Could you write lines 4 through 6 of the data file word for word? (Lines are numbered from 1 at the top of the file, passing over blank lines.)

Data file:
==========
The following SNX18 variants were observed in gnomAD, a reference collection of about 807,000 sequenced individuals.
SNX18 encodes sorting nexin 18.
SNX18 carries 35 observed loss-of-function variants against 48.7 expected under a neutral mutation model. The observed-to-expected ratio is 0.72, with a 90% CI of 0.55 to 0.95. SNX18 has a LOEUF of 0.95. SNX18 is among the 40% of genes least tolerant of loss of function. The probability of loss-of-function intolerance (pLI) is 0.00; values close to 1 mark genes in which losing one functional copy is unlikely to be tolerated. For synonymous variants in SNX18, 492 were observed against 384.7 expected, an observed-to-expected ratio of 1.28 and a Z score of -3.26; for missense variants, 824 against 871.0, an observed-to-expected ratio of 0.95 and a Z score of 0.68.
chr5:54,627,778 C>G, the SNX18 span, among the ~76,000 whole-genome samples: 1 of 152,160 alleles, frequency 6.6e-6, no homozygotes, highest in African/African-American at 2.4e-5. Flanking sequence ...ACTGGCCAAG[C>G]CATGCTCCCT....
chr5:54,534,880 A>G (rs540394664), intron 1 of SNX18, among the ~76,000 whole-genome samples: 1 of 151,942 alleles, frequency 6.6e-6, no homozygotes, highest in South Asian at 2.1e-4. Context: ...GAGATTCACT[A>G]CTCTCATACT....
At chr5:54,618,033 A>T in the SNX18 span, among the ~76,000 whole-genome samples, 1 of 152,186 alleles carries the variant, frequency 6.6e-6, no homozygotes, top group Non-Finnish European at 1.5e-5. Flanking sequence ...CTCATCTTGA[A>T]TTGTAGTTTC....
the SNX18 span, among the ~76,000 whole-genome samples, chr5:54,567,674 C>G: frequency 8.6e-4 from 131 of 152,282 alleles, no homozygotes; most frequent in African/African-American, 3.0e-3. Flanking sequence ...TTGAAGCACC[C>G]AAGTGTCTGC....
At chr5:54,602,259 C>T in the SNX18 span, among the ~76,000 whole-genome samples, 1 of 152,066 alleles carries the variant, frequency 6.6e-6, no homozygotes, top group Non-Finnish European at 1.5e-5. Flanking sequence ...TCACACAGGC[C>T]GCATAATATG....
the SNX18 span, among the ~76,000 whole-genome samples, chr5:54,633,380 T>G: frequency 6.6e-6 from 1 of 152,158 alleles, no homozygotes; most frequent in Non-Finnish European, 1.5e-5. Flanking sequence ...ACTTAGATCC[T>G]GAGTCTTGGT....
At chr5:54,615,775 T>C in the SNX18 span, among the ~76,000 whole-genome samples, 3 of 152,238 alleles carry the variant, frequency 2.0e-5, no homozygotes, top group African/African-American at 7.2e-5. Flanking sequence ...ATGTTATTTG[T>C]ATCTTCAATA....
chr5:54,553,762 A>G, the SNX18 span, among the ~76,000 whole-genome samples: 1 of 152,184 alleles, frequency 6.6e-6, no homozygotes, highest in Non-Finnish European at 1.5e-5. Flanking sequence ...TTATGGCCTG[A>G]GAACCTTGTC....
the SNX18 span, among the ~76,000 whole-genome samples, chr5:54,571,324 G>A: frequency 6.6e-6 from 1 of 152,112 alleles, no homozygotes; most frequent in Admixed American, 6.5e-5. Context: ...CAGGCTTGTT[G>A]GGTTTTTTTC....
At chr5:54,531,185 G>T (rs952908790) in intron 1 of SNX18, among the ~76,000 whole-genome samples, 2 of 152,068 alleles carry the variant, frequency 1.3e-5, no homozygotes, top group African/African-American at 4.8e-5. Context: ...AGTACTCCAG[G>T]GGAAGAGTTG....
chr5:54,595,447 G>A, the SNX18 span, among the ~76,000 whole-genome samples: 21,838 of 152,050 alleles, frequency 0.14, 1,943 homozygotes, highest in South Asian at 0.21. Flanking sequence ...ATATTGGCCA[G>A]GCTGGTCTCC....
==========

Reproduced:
chr5:54,627,778 C>G, the SNX18 span, among the ~76,000 whole-genome samples: 1 of 152,160 alleles, frequency 6.6e-6, no homozygotes, highest in African/African-American at 2.4e-5. Flanking sequence ...ACTGGCCAAG[C>G]CATGCTCCCT....
chr5:54,534,880 A>G (rs540394664), intron 1 of SNX18, among the ~76,000 whole-genome samples: 1 of 151,942 alleles, frequency 6.6e-6, no homozygotes, highest in South Asian at 2.1e-4. Context: ...GAGATTCACT[A>G]CTCTCATACT....
At chr5:54,618,033 A>T in the SNX18 span, among the ~76,000 whole-genome samples, 1 of 152,186 alleles carries the variant, frequency 6.6e-6, no homozygotes, top group Non-Finnish European at 1.5e-5. Flanking sequence ...CTCATCTTGA[A>T]TTGTAGTTTC....